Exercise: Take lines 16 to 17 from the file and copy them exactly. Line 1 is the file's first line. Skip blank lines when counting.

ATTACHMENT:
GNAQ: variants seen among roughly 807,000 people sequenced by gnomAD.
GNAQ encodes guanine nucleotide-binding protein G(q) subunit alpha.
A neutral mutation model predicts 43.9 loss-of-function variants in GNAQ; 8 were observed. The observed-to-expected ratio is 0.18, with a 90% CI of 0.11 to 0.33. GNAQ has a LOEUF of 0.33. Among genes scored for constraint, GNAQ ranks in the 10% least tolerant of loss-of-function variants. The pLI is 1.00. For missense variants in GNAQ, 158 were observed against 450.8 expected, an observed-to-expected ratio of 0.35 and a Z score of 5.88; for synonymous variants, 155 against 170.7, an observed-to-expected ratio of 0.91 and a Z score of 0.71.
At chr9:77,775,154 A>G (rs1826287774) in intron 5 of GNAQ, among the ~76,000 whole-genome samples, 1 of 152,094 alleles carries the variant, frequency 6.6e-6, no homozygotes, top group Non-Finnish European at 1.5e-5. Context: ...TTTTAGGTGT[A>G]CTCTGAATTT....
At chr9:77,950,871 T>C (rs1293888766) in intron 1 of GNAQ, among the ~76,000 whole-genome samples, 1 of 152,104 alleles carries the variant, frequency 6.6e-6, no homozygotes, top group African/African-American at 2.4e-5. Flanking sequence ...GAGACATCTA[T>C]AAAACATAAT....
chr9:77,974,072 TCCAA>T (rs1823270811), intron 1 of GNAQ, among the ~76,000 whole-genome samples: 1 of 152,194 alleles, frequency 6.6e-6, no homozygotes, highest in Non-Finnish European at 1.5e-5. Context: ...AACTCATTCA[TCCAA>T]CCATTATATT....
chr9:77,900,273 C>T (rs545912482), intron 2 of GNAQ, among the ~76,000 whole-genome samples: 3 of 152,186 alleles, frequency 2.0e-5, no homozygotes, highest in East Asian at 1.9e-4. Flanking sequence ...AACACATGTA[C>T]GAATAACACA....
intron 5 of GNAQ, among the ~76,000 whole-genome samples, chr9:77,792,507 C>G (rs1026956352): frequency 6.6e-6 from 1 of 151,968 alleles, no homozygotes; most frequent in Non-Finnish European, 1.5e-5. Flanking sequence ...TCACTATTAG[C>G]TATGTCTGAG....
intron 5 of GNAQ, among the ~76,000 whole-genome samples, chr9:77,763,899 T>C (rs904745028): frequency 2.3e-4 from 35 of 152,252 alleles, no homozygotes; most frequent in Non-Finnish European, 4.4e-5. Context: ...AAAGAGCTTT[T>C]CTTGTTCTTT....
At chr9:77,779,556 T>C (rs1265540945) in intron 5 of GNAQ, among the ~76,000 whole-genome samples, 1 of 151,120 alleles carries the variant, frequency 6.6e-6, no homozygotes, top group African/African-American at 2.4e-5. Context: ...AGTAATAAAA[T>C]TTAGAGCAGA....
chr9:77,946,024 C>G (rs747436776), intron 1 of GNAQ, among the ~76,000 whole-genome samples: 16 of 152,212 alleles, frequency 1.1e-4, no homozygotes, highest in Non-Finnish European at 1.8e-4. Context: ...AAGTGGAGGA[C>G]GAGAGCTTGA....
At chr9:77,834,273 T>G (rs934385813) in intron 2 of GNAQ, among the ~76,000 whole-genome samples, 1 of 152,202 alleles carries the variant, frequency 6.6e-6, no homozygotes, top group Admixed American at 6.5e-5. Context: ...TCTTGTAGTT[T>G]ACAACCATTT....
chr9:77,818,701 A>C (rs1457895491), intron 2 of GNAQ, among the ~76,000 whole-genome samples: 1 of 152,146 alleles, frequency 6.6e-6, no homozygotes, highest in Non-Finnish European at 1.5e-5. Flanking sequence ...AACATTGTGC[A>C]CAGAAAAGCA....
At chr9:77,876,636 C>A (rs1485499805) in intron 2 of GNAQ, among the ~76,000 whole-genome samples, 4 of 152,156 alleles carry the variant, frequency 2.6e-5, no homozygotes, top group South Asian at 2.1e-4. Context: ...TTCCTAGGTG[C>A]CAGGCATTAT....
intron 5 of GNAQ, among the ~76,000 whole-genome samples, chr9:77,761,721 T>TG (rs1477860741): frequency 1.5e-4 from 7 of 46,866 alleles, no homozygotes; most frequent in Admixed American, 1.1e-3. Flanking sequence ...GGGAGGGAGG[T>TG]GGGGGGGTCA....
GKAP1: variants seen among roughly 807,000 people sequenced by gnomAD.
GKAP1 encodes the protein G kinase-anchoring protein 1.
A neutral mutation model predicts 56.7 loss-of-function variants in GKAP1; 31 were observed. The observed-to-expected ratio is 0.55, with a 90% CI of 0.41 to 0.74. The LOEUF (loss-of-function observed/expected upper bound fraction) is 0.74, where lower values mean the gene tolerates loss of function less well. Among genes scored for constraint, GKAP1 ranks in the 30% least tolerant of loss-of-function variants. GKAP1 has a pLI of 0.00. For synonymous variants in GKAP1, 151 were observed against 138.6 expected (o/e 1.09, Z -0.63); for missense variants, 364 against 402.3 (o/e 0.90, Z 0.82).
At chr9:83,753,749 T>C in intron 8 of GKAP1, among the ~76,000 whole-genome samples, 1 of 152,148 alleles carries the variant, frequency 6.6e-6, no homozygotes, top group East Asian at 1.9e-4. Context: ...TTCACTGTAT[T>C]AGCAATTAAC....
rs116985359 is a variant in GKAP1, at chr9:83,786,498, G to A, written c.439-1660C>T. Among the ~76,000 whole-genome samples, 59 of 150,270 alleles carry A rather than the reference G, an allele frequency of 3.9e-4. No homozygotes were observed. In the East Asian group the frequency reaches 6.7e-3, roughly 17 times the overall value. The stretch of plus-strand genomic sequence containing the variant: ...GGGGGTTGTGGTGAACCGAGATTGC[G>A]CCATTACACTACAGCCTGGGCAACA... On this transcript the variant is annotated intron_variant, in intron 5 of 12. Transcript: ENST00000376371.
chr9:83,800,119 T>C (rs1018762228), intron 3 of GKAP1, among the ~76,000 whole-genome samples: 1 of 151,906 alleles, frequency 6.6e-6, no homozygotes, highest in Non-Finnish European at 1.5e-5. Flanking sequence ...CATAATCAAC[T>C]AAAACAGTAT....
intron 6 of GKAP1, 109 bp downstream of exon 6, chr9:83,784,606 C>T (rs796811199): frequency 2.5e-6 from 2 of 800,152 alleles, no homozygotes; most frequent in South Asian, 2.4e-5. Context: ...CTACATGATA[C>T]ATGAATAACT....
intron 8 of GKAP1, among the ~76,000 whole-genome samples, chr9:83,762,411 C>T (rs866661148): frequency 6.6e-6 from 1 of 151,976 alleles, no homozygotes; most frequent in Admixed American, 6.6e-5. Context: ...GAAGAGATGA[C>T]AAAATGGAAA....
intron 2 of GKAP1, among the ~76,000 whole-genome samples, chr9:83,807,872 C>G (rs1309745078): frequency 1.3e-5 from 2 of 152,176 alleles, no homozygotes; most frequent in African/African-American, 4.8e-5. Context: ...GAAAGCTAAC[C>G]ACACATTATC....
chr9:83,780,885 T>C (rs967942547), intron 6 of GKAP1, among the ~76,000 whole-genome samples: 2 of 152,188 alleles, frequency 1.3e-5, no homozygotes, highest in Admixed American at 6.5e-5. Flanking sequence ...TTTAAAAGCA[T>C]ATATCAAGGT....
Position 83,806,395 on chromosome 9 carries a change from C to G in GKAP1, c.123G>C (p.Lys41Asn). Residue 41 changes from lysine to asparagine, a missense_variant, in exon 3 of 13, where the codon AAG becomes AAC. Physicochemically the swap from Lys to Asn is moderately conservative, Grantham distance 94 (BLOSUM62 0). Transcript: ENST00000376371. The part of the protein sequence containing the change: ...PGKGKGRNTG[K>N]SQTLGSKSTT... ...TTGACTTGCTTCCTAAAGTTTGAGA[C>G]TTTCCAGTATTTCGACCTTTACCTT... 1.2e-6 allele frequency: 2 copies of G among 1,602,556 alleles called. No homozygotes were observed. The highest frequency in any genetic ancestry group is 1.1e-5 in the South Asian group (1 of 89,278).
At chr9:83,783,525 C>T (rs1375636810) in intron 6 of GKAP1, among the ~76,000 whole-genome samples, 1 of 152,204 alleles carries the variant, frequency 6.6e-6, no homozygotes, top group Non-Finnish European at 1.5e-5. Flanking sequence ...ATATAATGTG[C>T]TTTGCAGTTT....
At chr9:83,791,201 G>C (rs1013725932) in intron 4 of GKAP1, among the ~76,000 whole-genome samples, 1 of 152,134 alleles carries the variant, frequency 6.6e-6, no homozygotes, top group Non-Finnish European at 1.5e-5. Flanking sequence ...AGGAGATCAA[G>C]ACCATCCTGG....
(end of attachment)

GKAP1: variants seen among roughly 807,000 people sequenced by gnomAD.
GKAP1 encodes the protein G kinase-anchoring protein 1.